4
(Source: Juuni Taisen anime ep. 5)

The Uuma vs. Ushii fight is also omitted, possibly due to constraints between media. Fast cuts don’t allow for ease of reading in a manga, whereas they can show multiple things happening at the same time in an anime.

  1. Bringing down the floor.

No one does the explanation Monkey brought down the floor in the skyscraper in the manga. However, this does buy enough time for Niwatori to be more sympathetic instead, as her death is done through an entire chapter. I distinctly remember almost missing the anime’s after-credits segment where Niwatori commands the birds to eat her flesh – had I not stuck around for it, it would’ve affected my entire perspective of her.

  1. Old-Timer.

Old-Timer was such an appropriate joke for a grandpa I thought it would carry over to the manga. Unfortunately, the manga’s translation of the Old-Timer is Hideous Burial. It’s a formidable name, but not one that could match up to Old-Timer in my opinion.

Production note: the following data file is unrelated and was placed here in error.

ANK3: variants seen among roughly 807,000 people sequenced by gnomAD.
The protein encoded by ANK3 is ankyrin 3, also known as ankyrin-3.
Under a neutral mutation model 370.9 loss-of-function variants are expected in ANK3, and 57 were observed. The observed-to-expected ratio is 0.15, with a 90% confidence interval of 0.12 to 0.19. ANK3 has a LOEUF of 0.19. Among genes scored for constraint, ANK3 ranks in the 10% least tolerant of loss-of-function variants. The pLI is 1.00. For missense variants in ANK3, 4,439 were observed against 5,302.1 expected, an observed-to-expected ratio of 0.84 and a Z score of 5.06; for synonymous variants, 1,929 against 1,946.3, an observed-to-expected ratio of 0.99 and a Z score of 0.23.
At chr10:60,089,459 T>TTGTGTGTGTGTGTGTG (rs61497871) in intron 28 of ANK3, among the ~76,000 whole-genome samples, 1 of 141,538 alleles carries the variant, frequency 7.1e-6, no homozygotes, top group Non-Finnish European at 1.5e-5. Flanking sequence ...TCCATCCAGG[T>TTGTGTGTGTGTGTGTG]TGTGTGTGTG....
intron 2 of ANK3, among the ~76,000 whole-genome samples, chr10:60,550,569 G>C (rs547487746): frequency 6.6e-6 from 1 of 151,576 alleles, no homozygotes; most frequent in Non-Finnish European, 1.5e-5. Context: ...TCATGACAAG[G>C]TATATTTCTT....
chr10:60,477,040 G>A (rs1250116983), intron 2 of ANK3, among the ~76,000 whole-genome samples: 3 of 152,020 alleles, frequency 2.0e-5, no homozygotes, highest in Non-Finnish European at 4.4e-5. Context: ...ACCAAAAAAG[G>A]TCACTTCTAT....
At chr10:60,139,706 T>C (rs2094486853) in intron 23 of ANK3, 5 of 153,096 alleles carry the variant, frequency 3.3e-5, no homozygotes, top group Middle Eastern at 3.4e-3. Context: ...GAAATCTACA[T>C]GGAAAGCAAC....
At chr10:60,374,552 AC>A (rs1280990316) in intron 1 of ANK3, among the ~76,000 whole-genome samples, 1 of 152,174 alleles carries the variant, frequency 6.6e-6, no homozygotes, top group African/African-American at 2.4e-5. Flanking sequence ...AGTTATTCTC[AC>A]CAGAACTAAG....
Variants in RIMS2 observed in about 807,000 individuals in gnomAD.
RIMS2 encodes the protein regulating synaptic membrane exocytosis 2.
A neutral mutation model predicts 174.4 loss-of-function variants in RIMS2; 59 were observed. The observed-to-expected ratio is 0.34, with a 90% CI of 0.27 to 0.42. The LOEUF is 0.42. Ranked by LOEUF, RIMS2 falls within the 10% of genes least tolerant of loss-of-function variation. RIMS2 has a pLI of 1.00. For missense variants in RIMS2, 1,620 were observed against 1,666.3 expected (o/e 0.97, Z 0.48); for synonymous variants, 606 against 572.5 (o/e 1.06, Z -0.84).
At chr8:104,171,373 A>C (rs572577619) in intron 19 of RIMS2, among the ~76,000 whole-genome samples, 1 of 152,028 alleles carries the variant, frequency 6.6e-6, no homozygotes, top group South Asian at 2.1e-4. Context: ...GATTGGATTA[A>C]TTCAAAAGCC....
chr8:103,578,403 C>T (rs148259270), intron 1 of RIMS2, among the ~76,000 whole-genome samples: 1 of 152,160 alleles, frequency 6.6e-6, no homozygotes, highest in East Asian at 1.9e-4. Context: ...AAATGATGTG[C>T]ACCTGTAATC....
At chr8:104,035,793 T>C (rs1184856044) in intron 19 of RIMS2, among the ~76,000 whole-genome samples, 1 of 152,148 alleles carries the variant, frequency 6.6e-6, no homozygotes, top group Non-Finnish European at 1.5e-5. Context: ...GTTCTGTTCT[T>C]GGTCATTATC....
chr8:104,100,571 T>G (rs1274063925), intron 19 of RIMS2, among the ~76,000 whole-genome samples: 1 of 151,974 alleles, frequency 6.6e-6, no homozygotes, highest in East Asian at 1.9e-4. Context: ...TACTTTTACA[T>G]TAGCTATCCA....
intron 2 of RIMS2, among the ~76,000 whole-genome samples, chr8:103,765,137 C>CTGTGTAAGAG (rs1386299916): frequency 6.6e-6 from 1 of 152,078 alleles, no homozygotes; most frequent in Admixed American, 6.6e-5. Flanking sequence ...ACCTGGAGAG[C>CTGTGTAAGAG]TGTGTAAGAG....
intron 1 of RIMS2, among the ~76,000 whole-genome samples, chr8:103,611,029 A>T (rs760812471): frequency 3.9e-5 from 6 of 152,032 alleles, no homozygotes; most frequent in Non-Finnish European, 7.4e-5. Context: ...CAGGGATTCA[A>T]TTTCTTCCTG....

6
(Source: Juuni Taisen manga ch. 11)

The types of weapons used by Hitsujii in his flashback vary slightly, likely for the sake of the thrill.

Also, Hitsujii doesn’t do his explanation with the little toys in the isolated room in the manga – it’s just a standard flashback, but he strategises to his son (the Navi stand-in in this case) using photos as representations of other warriors. Again, this all comes down to constraints between mediums – monologuing isn’t particularly gripping by itself.

…That’s all I have right now. Since the manga is ongoing as I type this there may be more to cover later, and with the existence of the sequel oneshot in Oogiri, I get a feeling I may not be able to cover everything. This is from what I remember of the anime and manga, so it’s probably not definitive anyway.

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6 thoughts on “Juuni Taisen: Anime vs. Manga (9th Day of Anime)

Add yours

  1. Thanks for this detailed comparison on a series I found pretty thought-provoking. I’ve actually been following the manga and did not know there was a light novel. O_o

    Liked by 1 person